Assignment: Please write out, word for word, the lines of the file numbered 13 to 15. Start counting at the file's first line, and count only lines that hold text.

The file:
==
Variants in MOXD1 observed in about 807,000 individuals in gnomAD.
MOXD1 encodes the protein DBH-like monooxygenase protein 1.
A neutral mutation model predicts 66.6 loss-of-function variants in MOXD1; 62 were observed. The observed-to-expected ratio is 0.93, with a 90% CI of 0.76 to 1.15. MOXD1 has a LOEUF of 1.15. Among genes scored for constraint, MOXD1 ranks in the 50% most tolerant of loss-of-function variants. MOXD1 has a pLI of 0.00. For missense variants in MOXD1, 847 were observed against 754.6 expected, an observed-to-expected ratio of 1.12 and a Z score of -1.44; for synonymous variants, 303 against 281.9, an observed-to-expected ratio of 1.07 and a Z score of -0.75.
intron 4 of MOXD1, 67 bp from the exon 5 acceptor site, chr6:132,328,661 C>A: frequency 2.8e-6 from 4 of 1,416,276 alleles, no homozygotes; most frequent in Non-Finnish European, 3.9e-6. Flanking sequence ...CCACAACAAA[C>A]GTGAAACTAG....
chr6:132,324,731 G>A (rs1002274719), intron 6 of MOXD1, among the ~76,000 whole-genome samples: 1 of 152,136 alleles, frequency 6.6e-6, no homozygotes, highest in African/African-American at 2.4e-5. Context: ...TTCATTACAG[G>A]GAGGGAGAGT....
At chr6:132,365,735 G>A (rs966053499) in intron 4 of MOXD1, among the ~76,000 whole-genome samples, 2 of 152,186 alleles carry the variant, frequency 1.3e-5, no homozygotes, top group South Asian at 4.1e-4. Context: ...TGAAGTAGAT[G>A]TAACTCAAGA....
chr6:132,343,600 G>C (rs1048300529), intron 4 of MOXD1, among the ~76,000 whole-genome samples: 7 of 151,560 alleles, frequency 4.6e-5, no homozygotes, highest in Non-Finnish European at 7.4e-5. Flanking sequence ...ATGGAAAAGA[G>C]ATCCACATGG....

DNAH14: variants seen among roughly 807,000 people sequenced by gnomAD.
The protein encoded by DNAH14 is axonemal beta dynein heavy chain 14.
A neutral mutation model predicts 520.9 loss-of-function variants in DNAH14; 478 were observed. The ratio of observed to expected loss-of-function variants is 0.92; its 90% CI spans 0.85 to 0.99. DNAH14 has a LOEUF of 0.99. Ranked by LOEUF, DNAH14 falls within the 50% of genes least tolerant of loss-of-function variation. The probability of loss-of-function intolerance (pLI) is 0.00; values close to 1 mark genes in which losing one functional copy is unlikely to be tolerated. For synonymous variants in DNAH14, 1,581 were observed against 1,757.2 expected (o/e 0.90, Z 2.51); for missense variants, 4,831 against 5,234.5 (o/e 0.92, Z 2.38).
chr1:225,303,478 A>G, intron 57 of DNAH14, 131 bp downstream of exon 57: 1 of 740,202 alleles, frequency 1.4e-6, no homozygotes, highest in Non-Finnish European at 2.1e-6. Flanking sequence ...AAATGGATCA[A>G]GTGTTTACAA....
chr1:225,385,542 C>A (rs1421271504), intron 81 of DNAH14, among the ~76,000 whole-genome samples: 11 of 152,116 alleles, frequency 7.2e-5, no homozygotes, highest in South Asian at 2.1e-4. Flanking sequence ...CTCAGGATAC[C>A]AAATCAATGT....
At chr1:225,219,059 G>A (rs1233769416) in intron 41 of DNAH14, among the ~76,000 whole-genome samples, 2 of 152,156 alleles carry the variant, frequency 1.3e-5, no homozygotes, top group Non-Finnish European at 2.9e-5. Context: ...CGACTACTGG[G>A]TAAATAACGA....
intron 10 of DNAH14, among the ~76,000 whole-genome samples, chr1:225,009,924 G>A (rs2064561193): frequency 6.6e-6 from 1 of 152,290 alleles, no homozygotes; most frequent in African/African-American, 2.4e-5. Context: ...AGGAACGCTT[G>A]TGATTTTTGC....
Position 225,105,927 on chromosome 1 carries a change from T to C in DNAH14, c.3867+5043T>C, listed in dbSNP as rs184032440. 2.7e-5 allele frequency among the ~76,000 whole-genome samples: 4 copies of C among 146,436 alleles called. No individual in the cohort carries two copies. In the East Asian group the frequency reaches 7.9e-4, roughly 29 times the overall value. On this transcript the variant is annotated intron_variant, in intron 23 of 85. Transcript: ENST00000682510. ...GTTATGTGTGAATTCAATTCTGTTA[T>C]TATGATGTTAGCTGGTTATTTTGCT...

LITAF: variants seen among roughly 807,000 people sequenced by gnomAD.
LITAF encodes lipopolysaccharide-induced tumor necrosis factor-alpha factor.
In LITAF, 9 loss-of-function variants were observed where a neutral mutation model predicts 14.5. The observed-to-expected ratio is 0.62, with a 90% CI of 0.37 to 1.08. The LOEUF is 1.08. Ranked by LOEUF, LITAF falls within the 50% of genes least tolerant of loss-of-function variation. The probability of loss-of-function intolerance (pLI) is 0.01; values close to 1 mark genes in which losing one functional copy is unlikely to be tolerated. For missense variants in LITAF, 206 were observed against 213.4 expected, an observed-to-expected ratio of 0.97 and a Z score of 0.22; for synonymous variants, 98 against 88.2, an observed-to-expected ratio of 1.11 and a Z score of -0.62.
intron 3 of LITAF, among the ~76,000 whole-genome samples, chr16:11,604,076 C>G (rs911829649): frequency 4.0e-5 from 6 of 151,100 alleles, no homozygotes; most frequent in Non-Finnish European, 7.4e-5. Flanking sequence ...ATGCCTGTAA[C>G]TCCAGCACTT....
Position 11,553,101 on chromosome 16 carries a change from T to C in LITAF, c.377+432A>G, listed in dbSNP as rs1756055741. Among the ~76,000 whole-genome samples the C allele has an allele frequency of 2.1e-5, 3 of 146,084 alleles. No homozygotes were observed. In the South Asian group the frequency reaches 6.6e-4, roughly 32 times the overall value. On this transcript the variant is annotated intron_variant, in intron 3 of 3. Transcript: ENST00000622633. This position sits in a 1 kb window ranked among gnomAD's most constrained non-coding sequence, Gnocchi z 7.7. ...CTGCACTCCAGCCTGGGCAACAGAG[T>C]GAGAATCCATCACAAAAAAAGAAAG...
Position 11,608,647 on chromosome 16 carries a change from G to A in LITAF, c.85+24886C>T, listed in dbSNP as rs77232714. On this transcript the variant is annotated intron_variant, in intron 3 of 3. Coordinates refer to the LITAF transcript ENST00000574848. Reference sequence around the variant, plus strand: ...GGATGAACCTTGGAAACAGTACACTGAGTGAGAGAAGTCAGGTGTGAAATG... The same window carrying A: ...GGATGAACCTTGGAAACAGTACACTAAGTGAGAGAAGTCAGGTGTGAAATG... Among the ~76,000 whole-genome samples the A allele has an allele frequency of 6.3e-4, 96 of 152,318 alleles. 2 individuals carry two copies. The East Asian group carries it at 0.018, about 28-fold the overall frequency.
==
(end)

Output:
At chr1:225,219,059 G>A (rs1233769416) in intron 41 of DNAH14, among the ~76,000 whole-genome samples, 2 of 152,156 alleles carry the variant, frequency 1.3e-5, no homozygotes, top group Non-Finnish European at 2.9e-5. Context: ...CGACTACTGG[G>A]TAAATAACGA....
intron 10 of DNAH14, among the ~76,000 whole-genome samples, chr1:225,009,924 G>A (rs2064561193): frequency 6.6e-6 from 1 of 152,290 alleles, no homozygotes; most frequent in African/African-American, 2.4e-5. Context: ...AGGAACGCTT[G>A]TGATTTTTGC....
Position 225,105,927 on chromosome 1 carries a change from T to C in DNAH14, c.3867+5043T>C, listed in dbSNP as rs184032440. 2.7e-5 allele frequency among the ~76,000 whole-genome samples: 4 copies of C among 146,436 alleles called. No individual in the cohort carries two copies. In the East Asian group the frequency reaches 7.9e-4, roughly 29 times the overall value. On this transcript the variant is annotated intron_variant, in intron 23 of 85. Transcript: ENST00000682510. ...GTTATGTGTGAATTCAATTCTGTTA[T>C]TATGATGTTAGCTGGTTATTTTGCT...